This time, everything decent and reusable was going to go. No messing. And that’s it, right? Well, to cut an even longer story short, I had watched Baby Bank Network grow from a distance after discovering and following on Facebook. I had felt a really strong connection with what they were embarking on and hoping to achieve – I decided to volunteer (my first ever voluntary stint I might add). I now get to be a small part of the inner sanctum and witness the many wonderful and inspiring goings on behind the scenes through the Team BBN group page.
I’d already dropped my donations off to their first big sorting event at Big Yellow Storage and was eagerly watching as the team were starting to build the very first referrals going out to families in need and posting photos of what they were achieving.
A young refugee in need
Then, at the end of August, Baby Bank Network had put together a pack after they had received an urgent referral for a 5 month old baby boy who was (and maybe still is) living in a refugee shelter. The pack included a pram, clothes, play gym, toys and a change bag full of goodies and a post was uploaded to the Facebook group. I made a double take at the picture and there, lying at the top of the clothes bag were the dungarees. The dungarees. A large lump started to form in my throat and I could feel that stinging sensation behind the eyes you get when you’re about to cry and want to hold it all in.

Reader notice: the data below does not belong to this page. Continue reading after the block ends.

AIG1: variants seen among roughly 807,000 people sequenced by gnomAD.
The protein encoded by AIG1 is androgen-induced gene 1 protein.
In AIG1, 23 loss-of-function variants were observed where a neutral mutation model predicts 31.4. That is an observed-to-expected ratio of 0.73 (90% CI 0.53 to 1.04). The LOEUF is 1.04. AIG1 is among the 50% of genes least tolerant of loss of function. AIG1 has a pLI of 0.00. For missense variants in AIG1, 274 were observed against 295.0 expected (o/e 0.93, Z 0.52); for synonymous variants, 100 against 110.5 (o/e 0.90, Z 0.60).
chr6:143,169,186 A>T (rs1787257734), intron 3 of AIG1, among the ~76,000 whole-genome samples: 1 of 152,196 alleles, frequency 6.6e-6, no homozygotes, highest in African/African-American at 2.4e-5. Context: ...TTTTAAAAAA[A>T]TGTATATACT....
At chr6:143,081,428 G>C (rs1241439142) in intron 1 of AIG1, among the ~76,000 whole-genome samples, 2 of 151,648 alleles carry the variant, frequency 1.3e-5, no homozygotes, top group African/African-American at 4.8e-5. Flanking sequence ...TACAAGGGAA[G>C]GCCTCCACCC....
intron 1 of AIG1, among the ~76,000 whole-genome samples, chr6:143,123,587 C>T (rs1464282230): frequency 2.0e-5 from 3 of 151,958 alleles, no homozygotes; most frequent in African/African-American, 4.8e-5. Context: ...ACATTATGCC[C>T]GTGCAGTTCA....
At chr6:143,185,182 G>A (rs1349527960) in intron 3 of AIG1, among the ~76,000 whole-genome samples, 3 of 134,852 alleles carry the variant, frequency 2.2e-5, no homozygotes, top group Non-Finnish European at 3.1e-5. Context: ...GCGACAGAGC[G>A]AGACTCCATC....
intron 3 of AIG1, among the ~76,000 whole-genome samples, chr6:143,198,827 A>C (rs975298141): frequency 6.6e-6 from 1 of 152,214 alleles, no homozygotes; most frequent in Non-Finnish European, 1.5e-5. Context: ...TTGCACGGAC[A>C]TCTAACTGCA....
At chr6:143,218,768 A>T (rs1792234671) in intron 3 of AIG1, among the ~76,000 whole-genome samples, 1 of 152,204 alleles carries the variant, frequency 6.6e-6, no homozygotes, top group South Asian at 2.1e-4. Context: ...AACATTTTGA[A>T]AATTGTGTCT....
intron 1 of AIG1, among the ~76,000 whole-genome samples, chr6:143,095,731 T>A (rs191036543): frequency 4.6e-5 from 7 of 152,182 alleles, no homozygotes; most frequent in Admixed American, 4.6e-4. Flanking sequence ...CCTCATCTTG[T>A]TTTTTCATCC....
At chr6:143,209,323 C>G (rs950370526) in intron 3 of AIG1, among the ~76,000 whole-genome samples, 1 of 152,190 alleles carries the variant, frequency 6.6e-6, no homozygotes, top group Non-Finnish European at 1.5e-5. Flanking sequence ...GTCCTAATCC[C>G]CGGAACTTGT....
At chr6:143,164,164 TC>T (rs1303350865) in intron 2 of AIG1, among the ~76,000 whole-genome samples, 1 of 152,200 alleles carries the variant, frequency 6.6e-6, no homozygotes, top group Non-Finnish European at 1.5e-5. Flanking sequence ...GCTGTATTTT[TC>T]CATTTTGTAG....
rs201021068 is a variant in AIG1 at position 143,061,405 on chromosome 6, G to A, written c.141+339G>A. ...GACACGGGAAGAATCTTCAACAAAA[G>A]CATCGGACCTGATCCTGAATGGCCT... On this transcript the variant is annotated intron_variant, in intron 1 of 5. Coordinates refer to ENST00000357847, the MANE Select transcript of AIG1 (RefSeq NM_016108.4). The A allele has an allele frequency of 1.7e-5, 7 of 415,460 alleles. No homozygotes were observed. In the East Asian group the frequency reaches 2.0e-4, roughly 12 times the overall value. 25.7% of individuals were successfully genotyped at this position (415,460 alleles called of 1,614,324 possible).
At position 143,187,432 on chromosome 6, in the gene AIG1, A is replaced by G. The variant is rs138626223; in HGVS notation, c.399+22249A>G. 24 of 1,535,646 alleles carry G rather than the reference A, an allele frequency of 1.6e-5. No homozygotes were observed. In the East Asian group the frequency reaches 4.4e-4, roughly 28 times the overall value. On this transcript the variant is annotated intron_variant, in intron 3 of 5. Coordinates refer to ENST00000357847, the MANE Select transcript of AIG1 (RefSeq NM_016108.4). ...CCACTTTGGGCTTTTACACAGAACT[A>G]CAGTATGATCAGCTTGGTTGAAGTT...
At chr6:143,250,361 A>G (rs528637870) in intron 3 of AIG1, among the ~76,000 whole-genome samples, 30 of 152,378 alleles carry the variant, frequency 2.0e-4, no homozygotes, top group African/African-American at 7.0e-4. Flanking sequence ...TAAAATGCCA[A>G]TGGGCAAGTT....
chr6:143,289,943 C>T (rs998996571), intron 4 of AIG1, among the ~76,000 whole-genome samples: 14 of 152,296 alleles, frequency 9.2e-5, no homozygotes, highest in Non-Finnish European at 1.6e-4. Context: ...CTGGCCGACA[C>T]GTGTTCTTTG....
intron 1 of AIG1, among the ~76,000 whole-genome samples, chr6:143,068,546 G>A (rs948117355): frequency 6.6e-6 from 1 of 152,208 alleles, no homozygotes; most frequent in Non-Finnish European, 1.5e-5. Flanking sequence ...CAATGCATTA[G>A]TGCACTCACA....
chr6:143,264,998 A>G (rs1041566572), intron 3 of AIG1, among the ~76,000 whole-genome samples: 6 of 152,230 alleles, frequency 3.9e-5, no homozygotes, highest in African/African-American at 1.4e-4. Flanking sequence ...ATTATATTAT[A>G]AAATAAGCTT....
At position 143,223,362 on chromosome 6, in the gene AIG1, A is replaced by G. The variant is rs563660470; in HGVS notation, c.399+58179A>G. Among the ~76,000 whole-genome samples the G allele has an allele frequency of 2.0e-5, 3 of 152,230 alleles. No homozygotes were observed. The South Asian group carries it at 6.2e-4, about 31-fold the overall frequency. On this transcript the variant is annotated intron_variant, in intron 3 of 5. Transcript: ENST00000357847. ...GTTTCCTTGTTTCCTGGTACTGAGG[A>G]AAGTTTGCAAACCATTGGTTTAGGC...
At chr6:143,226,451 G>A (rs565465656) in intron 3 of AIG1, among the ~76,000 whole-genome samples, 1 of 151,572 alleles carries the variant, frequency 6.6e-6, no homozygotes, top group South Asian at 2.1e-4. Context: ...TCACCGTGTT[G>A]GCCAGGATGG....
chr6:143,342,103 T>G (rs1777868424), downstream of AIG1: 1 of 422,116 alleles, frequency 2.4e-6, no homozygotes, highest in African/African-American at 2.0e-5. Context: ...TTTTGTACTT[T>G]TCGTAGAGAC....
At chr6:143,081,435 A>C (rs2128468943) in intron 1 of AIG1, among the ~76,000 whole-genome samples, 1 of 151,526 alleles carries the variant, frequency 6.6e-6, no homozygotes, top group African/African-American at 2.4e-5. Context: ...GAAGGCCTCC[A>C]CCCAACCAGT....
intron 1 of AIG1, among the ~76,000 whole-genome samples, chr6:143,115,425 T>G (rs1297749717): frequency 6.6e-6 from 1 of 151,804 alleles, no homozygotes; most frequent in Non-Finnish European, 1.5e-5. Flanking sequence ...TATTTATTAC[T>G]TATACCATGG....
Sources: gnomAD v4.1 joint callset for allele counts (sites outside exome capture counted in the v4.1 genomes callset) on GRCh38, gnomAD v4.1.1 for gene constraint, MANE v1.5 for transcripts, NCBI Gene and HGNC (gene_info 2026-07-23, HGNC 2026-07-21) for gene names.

For a millisecond my little heart heaved as I realised I’d accidentally sent them in a donations bag rather than keeping to one side for the ‘special’ box. But quickly, the words refugee, shelter, baby started to whirl around in my head. And very, very quickly I began to feel a sense of pride that a small item that had been so precious to me and had involved all the special children in my life was making its way to a little boy that truly needed it.
What good were those dungarees doing for me or my boys, who are lucky to have plenty, sitting in a box gathering dust when it could be creating a whole new story with the baby boy living in the shelter? I hope he played, puked and pooed in those dungarees just like all babies are supposed to do and for a brief moment, I was part of a process that became a ‘knight in shining armour’ to someone, somewhere.